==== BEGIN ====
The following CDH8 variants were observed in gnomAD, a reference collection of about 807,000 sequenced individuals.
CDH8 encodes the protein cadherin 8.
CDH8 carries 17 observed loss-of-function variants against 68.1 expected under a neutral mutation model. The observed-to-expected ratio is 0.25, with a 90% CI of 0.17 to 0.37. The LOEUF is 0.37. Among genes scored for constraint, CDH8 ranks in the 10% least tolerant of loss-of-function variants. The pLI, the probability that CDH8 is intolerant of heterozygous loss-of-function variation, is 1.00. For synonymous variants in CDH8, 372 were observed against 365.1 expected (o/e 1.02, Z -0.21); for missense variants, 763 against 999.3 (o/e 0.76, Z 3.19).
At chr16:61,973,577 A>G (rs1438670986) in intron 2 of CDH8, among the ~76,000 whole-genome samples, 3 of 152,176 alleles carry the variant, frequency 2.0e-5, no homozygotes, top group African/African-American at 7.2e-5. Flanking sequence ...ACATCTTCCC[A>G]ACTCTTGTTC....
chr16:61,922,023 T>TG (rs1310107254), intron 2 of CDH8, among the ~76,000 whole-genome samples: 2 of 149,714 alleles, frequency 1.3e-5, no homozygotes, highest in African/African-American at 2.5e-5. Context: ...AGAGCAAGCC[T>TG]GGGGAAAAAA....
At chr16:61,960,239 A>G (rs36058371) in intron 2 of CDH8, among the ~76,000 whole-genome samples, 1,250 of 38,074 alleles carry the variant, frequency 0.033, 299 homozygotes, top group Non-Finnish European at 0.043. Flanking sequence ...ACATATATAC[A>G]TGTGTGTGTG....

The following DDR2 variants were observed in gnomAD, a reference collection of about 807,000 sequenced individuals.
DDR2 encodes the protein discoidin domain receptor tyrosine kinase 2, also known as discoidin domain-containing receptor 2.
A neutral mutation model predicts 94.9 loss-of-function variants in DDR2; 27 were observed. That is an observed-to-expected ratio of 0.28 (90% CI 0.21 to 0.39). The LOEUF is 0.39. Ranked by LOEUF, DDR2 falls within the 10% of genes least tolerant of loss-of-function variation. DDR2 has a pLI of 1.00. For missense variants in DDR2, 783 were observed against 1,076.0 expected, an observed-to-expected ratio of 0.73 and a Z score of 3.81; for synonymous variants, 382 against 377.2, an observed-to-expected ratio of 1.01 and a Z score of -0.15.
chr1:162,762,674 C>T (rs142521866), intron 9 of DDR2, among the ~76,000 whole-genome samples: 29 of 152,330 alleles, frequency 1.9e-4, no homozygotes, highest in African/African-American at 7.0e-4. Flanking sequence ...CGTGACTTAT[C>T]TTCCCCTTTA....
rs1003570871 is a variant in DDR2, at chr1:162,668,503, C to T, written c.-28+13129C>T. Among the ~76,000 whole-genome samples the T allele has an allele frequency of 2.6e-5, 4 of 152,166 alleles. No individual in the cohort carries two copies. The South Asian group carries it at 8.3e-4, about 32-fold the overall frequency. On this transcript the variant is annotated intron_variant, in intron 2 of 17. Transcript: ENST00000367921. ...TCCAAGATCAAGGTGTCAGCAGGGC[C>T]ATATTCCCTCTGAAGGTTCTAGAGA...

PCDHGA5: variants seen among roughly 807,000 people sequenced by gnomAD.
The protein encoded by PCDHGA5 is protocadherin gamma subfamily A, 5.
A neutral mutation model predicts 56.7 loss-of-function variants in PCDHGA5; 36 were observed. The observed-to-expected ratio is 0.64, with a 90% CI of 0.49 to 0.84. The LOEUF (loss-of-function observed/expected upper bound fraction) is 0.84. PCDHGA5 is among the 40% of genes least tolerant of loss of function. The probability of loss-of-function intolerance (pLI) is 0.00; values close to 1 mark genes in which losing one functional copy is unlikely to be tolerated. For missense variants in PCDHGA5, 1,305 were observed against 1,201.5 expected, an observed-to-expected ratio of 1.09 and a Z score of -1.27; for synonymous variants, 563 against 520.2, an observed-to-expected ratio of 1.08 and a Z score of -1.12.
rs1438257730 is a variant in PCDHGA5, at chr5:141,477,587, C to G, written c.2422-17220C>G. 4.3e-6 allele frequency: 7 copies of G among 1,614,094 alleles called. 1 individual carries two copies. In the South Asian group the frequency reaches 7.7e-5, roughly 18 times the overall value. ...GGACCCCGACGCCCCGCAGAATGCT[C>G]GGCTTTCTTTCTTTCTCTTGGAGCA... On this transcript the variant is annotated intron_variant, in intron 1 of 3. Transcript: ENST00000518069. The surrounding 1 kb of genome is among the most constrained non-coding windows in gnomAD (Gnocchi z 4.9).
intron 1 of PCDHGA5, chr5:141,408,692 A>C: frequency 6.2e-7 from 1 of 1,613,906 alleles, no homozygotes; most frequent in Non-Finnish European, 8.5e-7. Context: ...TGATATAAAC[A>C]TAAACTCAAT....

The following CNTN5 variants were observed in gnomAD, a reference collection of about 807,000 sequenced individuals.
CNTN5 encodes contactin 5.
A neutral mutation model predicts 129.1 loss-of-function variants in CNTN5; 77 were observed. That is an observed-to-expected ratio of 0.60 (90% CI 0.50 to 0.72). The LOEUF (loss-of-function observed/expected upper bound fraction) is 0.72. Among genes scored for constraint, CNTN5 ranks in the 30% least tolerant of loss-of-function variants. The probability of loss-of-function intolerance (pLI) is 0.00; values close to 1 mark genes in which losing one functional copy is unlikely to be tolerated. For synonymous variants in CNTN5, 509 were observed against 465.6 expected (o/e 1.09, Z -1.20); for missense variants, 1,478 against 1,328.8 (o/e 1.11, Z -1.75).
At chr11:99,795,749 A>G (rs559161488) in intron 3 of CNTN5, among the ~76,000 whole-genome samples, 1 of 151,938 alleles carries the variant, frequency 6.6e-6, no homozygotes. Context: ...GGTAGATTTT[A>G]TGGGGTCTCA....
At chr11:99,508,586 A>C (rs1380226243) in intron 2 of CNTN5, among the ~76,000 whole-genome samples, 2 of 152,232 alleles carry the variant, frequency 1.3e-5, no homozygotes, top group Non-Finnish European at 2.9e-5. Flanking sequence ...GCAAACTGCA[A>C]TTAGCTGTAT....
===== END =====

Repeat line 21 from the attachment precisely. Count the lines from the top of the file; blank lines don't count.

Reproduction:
At chr11:99,508,586 A>C (rs1380226243) in intron 2 of CNTN5, among the ~76,000 whole-genome samples, 2 of 152,232 alleles carry the variant, frequency 1.3e-5, no homozygotes, top group Non-Finnish European at 2.9e-5. Flanking sequence ...GCAAACTGCA[A>C]TTAGCTGTAT....